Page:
William Blake’s illuminated prophecy, Milton, invites a wide range of methodological approaches: artistic conception, biblical connections, mythic construction, narrative progressions, subject formation, textual production, visual representations.1 In this chapter I wish to return to the central issue of the poem itself - the transmission of poetic and intellectual inheritance - by exploring the wide spectrum of possible reception and response dynamics. My aspiration here is to move beyond a simple summation of past positions (Bloom, Easson, Mitchell) to achieve a higher synthesis on a more energetic plane of critical reception where ‘understanding, interpretation and application [meet]’ (Jauss 143). The difference between ‘reception’ and ‘response’ is a complicated one and reflects a broad cultural versus a more personal interaction with a text. Indeed, in his brief preface to Reception Theory, Robert C. Holub acknowledges the inherent difficulties in clearly separating these terms: ‘Nonetheless, the most frequent suggestion has been to view Rezeption as related to the reader, while Wirking is supposed to pertain to textual aspects - an arrangement that is not entirely satisfactory by any account’ (xi). In the current case of Milton, Blake seems to work in both dimensions, with his printing technique employing a textual dynamic (mirrored writing) designed to highlight the necessity of active readership, while the thematic concerns relate to his own reception and response to the dead poet John Milton and his works. The discursive fields taken as exemplary of this process of assimilation and re-creation will be those of science fiction and scientific writing, despite the long association of Blake with anti-scientism and a flight from reason.2 The chapter thus begins with Blake’s dramatization of his own response to Milton, and concludes with the activation of response in a future, and unexpectedly hospitable, audience.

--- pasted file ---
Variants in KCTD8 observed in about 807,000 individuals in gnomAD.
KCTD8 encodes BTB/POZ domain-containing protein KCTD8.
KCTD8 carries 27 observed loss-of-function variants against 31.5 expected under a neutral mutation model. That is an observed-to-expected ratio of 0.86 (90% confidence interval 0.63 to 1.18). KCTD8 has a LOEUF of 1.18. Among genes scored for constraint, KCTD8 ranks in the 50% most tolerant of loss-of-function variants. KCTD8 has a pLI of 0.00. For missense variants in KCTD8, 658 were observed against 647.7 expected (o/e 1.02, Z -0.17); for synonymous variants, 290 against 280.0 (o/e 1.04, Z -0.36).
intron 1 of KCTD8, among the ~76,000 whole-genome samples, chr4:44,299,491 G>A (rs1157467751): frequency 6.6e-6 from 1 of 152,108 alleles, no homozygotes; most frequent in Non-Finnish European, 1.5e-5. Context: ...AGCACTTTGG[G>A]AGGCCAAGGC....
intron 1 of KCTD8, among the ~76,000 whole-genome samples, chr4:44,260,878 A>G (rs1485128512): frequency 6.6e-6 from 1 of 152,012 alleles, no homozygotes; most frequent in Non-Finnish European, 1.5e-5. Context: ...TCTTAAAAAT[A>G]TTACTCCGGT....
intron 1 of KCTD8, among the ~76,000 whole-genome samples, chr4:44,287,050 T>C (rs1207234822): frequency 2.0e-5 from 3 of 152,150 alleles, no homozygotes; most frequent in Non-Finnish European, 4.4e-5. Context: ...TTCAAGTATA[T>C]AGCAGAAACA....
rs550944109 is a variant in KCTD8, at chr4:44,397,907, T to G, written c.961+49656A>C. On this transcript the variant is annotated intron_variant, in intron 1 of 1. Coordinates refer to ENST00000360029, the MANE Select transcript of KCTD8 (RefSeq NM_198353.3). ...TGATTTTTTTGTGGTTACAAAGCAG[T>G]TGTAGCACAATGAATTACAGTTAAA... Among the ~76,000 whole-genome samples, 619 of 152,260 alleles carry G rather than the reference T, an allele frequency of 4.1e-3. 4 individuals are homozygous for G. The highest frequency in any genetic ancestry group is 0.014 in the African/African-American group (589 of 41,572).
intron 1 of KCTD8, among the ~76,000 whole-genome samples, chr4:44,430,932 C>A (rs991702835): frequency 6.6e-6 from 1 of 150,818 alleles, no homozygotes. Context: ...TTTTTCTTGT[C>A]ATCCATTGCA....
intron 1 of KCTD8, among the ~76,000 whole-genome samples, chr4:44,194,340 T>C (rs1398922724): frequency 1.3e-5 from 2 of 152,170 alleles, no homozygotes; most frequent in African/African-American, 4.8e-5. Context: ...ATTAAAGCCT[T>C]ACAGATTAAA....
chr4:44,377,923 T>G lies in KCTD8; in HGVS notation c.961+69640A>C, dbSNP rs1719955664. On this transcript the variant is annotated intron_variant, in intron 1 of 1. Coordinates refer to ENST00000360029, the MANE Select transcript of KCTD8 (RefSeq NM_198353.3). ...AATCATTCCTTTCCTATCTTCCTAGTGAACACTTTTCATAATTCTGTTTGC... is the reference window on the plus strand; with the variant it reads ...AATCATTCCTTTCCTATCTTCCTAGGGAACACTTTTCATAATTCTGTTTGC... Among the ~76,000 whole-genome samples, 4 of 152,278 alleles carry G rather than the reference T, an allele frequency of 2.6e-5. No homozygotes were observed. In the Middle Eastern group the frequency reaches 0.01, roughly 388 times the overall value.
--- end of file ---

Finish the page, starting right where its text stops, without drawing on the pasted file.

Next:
|Original language||English (US)|
|Title of host publication||Blake 2.0: William Blake in Twentieth-Century Art, Music and Culture|
|Number of pages||14|
|State||Published - Jan 1 2012|
ASJC Scopus subject areas
- Arts and Humanities(all)
- Social Sciences(all)